Now that companies are reporting their latest quarterly financial results. Investors are becoming increasingly concerned about inflation impacting the performance of companies. The latest example is from Kimberly-Clark Corporation, which missed analysts' forecasts as inflation and supply chain disruptions dented sales.
Kimberly-Clark shares slumped the most in six months after the maker of toilet paper, Huggies diapers, Kleenex tissues, and tampons, among other household items, slashed its annual forecast amid inflationary pressures and supply-chain woes.
Kimberly-Clark reported a Q3 net income of about $469 million, or $1.39 per share, compared with $472 million, or $1.38 per share, last year. Adjusted EPS of $1.62 missed consensus of $1.65. Sales of $5.01 billion were up from $4.68 billion last year and higher than the consensus of $4.99 billion.
"Our earnings were negatively impacted by significant inflation and supply-chain disruptions that increased our costs beyond what we anticipated," CEO Mike Hsu said in the statement.
The company is raising prices to offset soaring commodity prices sparked by supply chain issues that are not likely abating anytime soon.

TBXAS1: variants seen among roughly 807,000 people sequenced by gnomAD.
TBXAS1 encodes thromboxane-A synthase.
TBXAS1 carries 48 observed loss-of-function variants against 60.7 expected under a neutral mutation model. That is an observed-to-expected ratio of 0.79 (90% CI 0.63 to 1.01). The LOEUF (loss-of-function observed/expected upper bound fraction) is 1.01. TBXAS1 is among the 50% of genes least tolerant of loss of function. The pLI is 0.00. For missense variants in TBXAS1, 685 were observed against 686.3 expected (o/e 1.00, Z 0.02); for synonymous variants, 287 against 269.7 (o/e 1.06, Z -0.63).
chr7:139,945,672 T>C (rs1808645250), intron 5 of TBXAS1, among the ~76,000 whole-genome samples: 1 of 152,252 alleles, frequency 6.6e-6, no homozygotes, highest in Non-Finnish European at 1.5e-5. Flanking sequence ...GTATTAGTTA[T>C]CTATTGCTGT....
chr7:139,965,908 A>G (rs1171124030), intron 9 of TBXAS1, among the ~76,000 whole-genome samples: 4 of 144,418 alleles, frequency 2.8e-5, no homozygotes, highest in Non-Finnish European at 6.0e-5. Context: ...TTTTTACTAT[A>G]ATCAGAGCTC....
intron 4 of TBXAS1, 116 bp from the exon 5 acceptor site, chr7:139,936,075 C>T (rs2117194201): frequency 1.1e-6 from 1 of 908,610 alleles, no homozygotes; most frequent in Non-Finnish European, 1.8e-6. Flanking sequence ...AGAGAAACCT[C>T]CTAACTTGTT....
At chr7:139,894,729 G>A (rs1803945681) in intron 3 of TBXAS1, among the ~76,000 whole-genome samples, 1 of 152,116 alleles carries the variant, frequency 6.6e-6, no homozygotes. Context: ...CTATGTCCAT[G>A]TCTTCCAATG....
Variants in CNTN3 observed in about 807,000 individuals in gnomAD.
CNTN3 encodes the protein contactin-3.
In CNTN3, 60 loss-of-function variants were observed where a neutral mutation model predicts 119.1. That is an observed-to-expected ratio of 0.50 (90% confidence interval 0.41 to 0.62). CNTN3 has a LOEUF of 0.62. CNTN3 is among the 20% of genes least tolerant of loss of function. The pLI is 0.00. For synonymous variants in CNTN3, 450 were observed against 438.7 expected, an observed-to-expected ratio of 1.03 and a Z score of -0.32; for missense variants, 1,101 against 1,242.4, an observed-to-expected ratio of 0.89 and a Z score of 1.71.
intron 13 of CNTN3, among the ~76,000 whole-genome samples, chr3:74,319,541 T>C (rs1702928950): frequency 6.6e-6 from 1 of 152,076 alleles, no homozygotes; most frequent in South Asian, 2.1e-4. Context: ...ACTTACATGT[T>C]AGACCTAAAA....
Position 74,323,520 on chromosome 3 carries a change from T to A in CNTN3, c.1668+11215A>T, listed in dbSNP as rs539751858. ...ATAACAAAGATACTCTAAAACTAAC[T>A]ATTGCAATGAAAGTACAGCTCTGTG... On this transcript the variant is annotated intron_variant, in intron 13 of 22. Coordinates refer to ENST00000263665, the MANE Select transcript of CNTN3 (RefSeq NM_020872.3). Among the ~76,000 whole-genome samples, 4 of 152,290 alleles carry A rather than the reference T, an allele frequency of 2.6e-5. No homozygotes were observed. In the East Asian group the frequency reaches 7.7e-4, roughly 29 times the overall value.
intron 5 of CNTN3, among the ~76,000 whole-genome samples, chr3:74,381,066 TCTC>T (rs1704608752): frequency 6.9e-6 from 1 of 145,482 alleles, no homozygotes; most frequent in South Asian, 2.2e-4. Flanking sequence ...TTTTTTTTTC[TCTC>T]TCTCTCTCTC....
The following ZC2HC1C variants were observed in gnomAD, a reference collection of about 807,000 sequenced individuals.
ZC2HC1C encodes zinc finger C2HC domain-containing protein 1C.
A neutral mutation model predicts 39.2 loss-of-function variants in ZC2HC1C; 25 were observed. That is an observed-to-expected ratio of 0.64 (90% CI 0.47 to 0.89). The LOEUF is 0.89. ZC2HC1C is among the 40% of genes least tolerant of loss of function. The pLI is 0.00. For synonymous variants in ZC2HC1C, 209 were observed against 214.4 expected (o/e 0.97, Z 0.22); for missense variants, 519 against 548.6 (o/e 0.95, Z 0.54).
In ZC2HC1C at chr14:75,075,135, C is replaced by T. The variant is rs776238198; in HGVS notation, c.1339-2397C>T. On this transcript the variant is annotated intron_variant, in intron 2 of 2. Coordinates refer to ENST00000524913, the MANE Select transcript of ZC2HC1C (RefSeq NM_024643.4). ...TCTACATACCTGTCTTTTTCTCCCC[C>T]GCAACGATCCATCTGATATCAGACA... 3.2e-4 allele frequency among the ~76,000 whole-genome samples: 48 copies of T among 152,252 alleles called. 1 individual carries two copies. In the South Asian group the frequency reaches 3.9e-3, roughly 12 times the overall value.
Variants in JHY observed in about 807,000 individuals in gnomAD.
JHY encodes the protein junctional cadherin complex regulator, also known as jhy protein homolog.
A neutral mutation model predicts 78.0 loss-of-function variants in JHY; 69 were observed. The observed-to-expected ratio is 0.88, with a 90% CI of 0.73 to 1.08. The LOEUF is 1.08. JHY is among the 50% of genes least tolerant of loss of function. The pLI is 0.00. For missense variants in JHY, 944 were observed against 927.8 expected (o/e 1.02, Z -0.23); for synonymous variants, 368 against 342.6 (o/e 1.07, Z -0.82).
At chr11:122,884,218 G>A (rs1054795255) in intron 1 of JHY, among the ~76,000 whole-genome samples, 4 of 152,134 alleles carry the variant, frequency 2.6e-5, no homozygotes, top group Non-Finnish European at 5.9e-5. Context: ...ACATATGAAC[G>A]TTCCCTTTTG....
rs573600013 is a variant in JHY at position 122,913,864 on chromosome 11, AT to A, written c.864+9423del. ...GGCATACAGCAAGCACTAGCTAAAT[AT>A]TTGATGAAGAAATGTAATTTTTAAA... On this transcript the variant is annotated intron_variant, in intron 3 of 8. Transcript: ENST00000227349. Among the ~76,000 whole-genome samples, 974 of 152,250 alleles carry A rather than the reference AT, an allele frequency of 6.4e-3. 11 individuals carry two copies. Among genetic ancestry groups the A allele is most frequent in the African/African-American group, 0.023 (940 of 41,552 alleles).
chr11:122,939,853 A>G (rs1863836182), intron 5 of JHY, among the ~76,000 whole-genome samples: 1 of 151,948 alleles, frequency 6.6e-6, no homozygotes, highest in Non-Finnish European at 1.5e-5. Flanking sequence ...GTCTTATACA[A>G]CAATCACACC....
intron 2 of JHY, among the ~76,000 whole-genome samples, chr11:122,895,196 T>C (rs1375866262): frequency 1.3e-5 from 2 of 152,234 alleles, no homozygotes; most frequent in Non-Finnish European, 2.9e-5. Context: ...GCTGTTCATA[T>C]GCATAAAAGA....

"We are taking further action, including additional pricing and enhanced cost management, to mitigate these headwinds as it is becoming clear they are not likely to be resolved quickly," Hsu said.
"We will continue to invest in our brands and capabilities as we navigate through this volatile and difficult macro environment. Our strategy is working, and we remain confident in our future and our ability to create long-term shareholder value."
One of the most notable takeaways from the earnings reports, not just with Kimberly-Clark but also with other companies, is that higher inflation and labor shortages exert margin compression. At the same time, broad US major equity indexes tread around all-time highs.
As inflation becomes more persistent and the "transitory" narrative fades into the darkness, even White House economic adviser Jared Bernstein recently had to admit that inflation is likely to stay elevated longer than previously expected. The question remaining is if the monetary wonks at the Federal Reserve will embark on a tapering program of their balance sheet, which could eventually end the stock market party.